Bristol among first cities in state recognized for sustainability

Published on Monday, 8 October 2018 21:23
Written by BRIAN M. JOHNSON

@brianjohnsonBP

BRISTOL - Bristol is one of the first municipalities in the state to be certified as a “Sustainable CT community” by Sustainable CT.

Sustainable CT is a statewide initiative that supports and recognizes sustainability efforts in Connecticut communities. It was launched last year and recently announced the first group of certified towns.

Mayor Ellen Zoppo-Sassu said that the town has met “high standards in a broad range of sustainability accomplishments” in qualifying for Sustainable CT’s Bronze certification.

She added that, in its application the city documented its “significant achievements in nine sustainable impact areas.”

“These areas range from thriving local economies and vibrant arts and culture to clean transportation and diverse housing,” said Zoppo-Sassu. “The city of Bristol successfully completed actions in numerous areas, including supporting the local economy, land and natural resource stewardship, creative cultural ecosystems, dynamic and resilient planning, clean and diverse transportation systems, efficient physical infrastructure and operations, inclusive public services, efficient and diverse housing and inclusive and equitable community impacts.”

Lynn Stoddard, executive director of the Institute for Sustainable Energy at Eastern Connecticut State University, which administers the program, congratulated Bristol and other Sustainable CT communities.

“We are inspired by your leadership and eager to share your accomplishments in building efficient, thriving, and resilient communities,” she said.

Sustainable CT was developed with input from municipal leaders across the state.

The program is independently funded, with significant support from three Connecticut charitable foundations: the Emily Hall Tremaine Foundation, the Hampshire Foundation and the Common Sense Fund.

Zoppo-Sassu said energy efficiency and “maximizing the city’s assets to benefit the bottom line” have been a “big priority.”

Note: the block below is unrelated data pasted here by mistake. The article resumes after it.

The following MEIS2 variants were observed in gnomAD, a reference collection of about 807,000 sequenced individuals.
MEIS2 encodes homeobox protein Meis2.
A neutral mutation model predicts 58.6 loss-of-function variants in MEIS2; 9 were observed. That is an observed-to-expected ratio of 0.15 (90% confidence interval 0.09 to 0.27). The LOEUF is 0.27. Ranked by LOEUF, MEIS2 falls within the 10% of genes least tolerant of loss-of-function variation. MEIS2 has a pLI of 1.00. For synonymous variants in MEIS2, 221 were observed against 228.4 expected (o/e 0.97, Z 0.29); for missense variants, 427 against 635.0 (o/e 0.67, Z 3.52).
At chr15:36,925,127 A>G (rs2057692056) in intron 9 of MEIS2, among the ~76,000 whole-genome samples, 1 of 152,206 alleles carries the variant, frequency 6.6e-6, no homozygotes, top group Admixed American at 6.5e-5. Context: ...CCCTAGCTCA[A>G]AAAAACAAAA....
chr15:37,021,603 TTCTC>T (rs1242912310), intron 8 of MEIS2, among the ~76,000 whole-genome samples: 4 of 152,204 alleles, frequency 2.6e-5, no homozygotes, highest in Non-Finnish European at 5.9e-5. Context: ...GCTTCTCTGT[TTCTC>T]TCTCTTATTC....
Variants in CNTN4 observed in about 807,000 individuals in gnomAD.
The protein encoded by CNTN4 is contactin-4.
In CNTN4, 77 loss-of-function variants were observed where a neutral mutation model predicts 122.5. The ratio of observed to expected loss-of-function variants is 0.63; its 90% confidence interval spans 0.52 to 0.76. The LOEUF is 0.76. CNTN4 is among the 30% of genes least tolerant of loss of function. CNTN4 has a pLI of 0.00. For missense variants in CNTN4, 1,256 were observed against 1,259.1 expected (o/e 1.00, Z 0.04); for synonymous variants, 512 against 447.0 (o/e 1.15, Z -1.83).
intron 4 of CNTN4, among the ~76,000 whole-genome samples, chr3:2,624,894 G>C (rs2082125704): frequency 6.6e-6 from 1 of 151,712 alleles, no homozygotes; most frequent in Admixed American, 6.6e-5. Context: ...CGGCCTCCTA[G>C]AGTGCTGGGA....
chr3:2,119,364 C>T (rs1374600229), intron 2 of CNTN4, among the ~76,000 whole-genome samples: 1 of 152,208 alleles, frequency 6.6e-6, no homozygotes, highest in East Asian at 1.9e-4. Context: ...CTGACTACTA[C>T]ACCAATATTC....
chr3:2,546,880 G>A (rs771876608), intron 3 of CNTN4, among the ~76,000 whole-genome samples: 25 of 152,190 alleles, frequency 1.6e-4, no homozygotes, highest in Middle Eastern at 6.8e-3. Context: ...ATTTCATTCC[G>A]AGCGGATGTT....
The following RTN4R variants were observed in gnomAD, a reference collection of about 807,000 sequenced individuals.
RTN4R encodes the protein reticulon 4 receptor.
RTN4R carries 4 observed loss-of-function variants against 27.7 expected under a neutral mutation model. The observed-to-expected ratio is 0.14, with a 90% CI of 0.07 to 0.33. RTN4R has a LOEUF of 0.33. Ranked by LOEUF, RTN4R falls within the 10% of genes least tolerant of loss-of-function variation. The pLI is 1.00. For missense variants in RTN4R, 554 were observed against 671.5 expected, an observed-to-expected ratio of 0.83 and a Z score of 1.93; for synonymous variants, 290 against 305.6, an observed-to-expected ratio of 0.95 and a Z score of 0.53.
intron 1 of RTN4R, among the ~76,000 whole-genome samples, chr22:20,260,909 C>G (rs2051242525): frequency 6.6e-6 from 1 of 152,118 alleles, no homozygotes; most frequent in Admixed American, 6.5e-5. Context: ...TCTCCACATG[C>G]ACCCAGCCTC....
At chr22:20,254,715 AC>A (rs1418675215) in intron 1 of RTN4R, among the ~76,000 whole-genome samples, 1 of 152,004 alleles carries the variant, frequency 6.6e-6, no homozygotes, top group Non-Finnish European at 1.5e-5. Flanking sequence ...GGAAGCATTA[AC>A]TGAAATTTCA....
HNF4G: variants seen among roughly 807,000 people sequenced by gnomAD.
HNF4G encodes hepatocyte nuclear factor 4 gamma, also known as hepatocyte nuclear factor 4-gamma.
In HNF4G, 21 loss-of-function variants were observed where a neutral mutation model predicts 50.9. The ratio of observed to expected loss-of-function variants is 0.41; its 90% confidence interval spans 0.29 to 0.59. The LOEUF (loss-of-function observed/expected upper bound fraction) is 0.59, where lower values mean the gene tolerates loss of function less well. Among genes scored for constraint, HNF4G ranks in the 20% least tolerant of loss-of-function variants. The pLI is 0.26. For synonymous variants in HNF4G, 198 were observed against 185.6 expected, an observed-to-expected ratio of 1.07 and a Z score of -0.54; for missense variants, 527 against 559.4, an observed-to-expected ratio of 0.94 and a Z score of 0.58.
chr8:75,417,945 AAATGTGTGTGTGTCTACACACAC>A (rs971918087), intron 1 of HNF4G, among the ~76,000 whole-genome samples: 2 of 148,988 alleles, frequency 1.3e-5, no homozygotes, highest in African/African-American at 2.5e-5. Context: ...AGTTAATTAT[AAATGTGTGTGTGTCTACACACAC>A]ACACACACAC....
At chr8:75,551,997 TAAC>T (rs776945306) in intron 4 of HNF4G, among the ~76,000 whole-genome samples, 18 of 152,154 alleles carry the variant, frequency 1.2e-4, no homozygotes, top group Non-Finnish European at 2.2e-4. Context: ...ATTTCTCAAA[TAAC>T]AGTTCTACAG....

“One of the first items the new City Council did this year was to accept the energy plan and create an ordinance for a permanent Energy Commission,” said Zoppo-Sassu. “We have staff committed to energy issues and will be working across department lines to implement new procedures and policies as well. I want to take the opportunity to thank the various members of the Energy Task Force that has worked for years to come up with a plan that is reasonable and appropriate for Bristol.”

Councilor David Preleski, who heads the Ordinance Committee, told how the city has integrated its building maintenance facilities with the Board of Education.

“In addition to the elimination of a position, we now have like-minded custodial, mechanical maintenance and other skilled trades working side by side to create efficiencies with Peter Fusco from the Board of Education overseeing both sides,” he said. “This has given us the flexibility to have designated formal energy manager duties to David Oakes, a facilities manager on the City Hall side. I think this will be a win-win for taxpayers and future building projects and renovations.”

David Oakes said receiving the recognition is a result of the city’s “tremendous and forward-thinking” work in all departments.

“The program also provides a roadmap for future areas of improvement for overall efficiency and sustainable practices, which benefit the Bristol community and help reduce operating expenses in the interest to the taxpayer, local businesses, the environment and future generations of Bristol residents,” said Oakes. “The program also shows where Bristol is in relation to other Connecticut municipalities and where we can work together with neighboring towns to improve and reduce our overall footprint on the environment, for which we are responsible. Bristol residents may not be aware of the hard work being done pertaining to resilience and sustainability, this is an opportunity to shine a light on those many efforts, which should be recognized and commended.”

For more information on Sustainable CT, visit sustainablect.org.

Brian M. Johnson can be reached at 860-973-1806 or bjohnson@bristolpress.com.



Posted in The Bristol Press, Bristol on Monday, 8 October 2018 21:23. Updated: Monday, 8 October 2018 21:26.